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Tuesday, August 19
Sugar Ray makes sweet return to NBA

By Marc J. Spears
Special to

DENVER -- Former NBA great Micheal Ray Richardson has a message for the youth of Denver. It's a message the Denver native wished he could've heard himself years ago before he was kicked out of the NBA due to his extensive drug use.

"I speak about (my past) probably 75 percent of the time," said Richardson, the Denver Nuggets' new community ambassador, of his speeches to kids in Denver. "Most of the kids weren't born back when I played. What I try to explain to them is there is a better way in life outside of drugs and alcohol.

"There are going to be some kids who are going to experience it because it's out there. There's a limit to everything you do and you can't put yourself in that predicament."

Micheal Ray Richardson
Michael Ray Richardson, right, tells Denver youth that there's 'a better way in life outside of drugs.'
After starting a superstar career in the NBA, Richardson found himself in that predicament in the mid-1980s.

They called him "Sugar Ray" back then. He was a bigger-than-average point guard at the time, standing 6-foot-5 and 190 pounds. After playing collegiately at Montana, the New York Knicks drafted Richardson with the fourth pick overall in the 1978 NBA Draft and he was billed as "the next Walt Frazier." Two picks later, the Boston Celtics drafted Larry Bird.

During the 1979-80 season, Richardson became the first player in NBA history to lead the league in both assists (10.1) and steals (3.23 ), setting Knicks franchise records in both categories. The four-time NBA All-Star reached his prime during the 1984-85 season when he averaged 20.1 points, 8.2 rebounds and 5.6 assists for the New Jersey Nets. During his eight-year NBA career, the two-time NBA all-defensive team selection averaged 14.8 points, 7.0 assists and 5.3 rebounds.

"(Basketball enthusiasts) remember that I was the first big guard in the league," Richardson said. "I played both ends of the floor."

Richardson played hard off the floor, too. What began as recreational drug use turned into a full-blown addiction. Richardson's drug problems became so bad that David Stern made a decision that he called "the hardest thing I've ever had to do as commissioner." Stern banned Richardson from the NBA in 1986. Since then, Richardson said Stern has been a strong supporter of his and was happy to see him return to the NBA recently with Denver.

Following stops in the CBA and USBL, Richardson went to Europe to continue his basketball career. He said he had a chance to return to the NBA with the Philadelphia 76ers, but ended up staying overseas where he played 14 seasons in Italy, France and Croatia. More importantly, he also got sober thanks in large part to being overseas where he had a lot of idle time to think about his situation.

"When I first left and went over to Italy, during my first year I kind of missed it," said Richardson of the NBA. "Then, my second year I had a chance to play for the 76ers. But they only wanted to give me one year (on a contract) and I wanted two years. I was already 32 years old. I felt Micheal Ray would last a little longer if I stayed in Europe. It lasted a whole lot longer. I missed it, but I can say I was able to play in the NBA and be a successful basketball player.

Where I am in my life now, I feel blessed. When you look at Len Bias (a former Celtics draft pick who died from drug overdose), he didn't have a chance. For me to sit back and think about, 'What if?,' I just don't do that because even with what I went through I still played another 11 years of professional basketball.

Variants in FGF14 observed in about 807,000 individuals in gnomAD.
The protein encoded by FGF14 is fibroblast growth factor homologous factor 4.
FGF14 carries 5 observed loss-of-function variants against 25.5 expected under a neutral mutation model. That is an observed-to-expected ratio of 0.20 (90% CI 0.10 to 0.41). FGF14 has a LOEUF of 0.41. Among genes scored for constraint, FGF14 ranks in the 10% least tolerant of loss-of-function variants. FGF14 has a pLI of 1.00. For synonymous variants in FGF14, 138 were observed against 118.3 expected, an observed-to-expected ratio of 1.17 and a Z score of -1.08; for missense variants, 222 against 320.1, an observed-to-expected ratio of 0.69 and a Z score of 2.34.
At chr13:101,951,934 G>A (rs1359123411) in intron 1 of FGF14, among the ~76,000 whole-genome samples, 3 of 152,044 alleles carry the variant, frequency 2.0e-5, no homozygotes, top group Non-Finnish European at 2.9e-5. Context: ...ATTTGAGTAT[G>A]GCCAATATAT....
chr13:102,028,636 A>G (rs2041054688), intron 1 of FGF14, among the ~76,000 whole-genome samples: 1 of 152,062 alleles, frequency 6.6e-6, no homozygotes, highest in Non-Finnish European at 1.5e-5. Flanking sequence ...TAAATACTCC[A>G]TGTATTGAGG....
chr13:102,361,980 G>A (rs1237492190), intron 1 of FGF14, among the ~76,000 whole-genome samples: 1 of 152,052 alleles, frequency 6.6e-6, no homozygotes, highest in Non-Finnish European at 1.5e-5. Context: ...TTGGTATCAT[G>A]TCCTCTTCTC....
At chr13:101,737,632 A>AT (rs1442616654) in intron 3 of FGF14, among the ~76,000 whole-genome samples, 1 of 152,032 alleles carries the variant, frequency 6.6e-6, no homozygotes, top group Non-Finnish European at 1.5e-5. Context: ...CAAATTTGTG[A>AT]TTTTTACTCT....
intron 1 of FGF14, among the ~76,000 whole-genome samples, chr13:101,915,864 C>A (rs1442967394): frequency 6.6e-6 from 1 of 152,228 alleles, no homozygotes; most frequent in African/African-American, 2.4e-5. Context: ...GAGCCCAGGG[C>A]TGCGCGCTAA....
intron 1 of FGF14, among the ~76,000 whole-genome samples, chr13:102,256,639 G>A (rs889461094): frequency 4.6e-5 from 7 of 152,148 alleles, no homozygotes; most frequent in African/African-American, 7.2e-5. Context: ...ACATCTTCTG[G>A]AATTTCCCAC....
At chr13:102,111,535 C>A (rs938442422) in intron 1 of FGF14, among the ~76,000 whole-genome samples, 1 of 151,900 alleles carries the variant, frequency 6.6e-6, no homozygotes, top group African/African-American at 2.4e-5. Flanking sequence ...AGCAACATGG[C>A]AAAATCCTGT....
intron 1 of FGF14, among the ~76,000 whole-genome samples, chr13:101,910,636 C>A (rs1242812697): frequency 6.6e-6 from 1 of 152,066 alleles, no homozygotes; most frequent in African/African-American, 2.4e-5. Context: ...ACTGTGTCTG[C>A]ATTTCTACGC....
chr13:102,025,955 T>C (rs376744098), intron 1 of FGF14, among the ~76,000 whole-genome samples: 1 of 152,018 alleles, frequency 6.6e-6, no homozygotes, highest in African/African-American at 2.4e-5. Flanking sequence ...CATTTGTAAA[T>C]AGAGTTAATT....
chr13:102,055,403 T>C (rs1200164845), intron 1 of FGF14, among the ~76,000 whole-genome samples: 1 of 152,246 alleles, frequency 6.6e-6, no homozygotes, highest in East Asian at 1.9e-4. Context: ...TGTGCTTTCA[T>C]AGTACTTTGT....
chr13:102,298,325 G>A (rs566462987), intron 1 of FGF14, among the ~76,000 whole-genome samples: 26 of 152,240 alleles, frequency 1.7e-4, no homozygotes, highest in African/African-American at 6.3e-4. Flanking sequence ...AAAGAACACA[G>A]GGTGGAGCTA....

Michael Ray Richardson

"Where I am in my life now, I feel blessed. When you look at Len Bias (a former Celtics draft pick who died from drug overdose), he didn't have a chance. For me to sit back and think about, 'What if?,' I just don't do that because even with what I went through I still played another 11 years of professional basketball. Plus, I still have my good health."

Last year, Richardson bumped into Nuggets general manager Kiki Vandeweghe at a Euroleague basketball tournament in Bologna, Italy. It was then that Richardson's road back to the NBA began unfolding.

"I was telling (Vandeweghe) that I was thinking about moving back and I was looking for a job," Richardson said. "He told me to give him a call if I decided to come back. I came back on May 22 (to Denver) because my sister was getting married. When I was here, I gave him a phone call and he said he would make some calls to see if he could find something for me to do. He called me back and told me he wanted to give me a job, and I accepted it.

"For me, it's a great feeling. I've always been a fan of the (ABA) Denver Rockets when I was growing up. I always wanted to play for the Denver Nuggets, but I never had that opportunity because I was a (high) draft pick. Things just didn't happen. This here is a great opportunity and I've always wanted to be a part of the organization."

While Richardson will occasionally help the Nuggets' young players and possibly do some scouting overseas, his job is primarily focused on aiding Denver-area youth from following in the same footsteps that killed his potential Hall of Fame career. Since being hired earlier this summer, Richardson has made about 15 appearances to tell his story. And in that short time, "Sugar Ray" has learned that a lot of good can come out of a story about a fallen star.

"It's going real, real well," Richardson said. "It's going to be a lot bigger and more satisfying than I thought it would be. I'm getting a lot of positive feedback. I think I am already affecting lives. The kids I have spoken to are very excited. I am already beginning to reach out and touch a lot of people."

Marc J. Spears, who covers the NBA and Denver Nuggets for The Denver Post, is a regular contributor to

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